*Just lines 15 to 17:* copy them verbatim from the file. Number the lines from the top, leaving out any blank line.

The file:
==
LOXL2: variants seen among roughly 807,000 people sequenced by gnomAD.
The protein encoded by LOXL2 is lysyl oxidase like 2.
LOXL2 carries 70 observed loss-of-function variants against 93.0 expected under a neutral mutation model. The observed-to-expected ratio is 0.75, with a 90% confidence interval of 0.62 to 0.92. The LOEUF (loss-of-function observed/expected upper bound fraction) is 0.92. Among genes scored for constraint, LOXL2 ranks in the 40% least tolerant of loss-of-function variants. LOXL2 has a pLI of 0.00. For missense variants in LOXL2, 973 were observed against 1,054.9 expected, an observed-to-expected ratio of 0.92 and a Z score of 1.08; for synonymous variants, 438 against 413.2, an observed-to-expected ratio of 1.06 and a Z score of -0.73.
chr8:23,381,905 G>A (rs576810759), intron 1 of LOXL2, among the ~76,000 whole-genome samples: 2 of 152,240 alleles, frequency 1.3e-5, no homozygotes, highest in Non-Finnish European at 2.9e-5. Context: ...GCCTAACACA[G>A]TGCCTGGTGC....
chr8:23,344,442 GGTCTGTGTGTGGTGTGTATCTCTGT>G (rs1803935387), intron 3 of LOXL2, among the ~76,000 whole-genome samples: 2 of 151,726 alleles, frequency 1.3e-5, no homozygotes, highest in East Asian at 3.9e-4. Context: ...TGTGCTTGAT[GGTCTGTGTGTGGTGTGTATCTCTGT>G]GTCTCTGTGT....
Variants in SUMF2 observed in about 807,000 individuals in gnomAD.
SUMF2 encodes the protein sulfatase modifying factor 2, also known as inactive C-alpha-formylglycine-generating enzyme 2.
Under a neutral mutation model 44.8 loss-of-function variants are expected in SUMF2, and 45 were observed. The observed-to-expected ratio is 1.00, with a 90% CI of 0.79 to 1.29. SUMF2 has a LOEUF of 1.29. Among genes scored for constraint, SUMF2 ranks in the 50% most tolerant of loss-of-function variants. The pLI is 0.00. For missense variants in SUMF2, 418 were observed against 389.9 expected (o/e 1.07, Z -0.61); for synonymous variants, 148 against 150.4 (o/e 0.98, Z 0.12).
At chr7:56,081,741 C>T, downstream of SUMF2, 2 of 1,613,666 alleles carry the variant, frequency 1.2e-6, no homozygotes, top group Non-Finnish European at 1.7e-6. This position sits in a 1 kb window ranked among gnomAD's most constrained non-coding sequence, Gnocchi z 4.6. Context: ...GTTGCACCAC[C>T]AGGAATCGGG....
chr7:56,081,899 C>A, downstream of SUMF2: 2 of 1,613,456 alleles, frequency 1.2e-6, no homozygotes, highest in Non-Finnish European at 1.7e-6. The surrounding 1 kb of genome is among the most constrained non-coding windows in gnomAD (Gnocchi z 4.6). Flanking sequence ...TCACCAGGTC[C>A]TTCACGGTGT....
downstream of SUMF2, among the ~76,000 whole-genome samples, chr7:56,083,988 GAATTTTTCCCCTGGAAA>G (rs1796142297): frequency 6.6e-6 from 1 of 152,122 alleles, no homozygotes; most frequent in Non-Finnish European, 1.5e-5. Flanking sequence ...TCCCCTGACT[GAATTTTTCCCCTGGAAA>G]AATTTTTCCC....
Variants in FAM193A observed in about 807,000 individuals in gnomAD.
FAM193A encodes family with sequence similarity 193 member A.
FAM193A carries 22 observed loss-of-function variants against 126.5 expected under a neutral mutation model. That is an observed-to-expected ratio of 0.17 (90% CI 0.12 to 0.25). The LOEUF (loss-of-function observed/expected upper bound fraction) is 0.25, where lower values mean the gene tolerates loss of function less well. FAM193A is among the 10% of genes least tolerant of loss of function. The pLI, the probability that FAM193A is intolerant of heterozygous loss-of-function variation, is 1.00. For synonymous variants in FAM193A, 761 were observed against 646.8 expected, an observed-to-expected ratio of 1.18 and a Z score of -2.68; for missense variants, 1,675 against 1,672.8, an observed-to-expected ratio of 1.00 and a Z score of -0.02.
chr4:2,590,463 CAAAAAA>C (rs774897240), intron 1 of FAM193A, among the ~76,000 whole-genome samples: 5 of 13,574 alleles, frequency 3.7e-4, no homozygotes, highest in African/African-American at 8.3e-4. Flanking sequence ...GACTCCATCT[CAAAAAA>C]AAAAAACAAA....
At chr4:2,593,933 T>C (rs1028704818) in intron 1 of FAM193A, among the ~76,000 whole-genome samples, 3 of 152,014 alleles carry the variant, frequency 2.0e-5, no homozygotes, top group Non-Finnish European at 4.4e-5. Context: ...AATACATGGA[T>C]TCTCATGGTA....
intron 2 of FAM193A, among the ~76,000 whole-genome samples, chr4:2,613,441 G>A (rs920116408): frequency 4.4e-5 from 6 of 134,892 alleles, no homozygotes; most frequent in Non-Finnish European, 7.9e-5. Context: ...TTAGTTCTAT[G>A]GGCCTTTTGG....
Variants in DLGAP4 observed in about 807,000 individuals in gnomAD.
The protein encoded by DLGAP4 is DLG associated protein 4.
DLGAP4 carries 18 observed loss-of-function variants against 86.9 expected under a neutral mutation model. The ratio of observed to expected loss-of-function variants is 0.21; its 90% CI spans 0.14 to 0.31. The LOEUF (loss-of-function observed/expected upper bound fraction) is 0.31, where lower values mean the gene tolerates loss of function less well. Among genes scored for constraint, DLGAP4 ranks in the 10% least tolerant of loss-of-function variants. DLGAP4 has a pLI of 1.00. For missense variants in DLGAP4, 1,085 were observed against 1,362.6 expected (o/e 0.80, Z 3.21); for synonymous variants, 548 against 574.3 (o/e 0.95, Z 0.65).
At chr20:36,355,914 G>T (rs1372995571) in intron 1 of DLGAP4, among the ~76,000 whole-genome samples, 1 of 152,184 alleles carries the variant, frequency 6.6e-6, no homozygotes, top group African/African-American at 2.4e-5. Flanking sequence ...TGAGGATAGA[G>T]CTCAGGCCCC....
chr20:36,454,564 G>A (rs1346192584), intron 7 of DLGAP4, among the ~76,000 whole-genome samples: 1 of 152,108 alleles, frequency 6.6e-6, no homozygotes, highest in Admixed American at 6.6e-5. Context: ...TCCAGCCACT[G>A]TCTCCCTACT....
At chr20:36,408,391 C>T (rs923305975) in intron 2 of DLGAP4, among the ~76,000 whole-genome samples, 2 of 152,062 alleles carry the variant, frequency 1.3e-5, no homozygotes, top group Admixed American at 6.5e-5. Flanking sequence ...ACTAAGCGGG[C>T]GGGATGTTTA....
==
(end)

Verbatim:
chr4:2,590,463 CAAAAAA>C (rs774897240), intron 1 of FAM193A, among the ~76,000 whole-genome samples: 5 of 13,574 alleles, frequency 3.7e-4, no homozygotes, highest in African/African-American at 8.3e-4. Flanking sequence ...GACTCCATCT[CAAAAAA>C]AAAAAACAAA....
At chr4:2,593,933 T>C (rs1028704818) in intron 1 of FAM193A, among the ~76,000 whole-genome samples, 3 of 152,014 alleles carry the variant, frequency 2.0e-5, no homozygotes, top group Non-Finnish European at 4.4e-5. Context: ...AATACATGGA[T>C]TCTCATGGTA....
intron 2 of FAM193A, among the ~76,000 whole-genome samples, chr4:2,613,441 G>A (rs920116408): frequency 4.4e-5 from 6 of 134,892 alleles, no homozygotes; most frequent in Non-Finnish European, 7.9e-5. Context: ...TTAGTTCTAT[G>A]GGCCTTTTGG....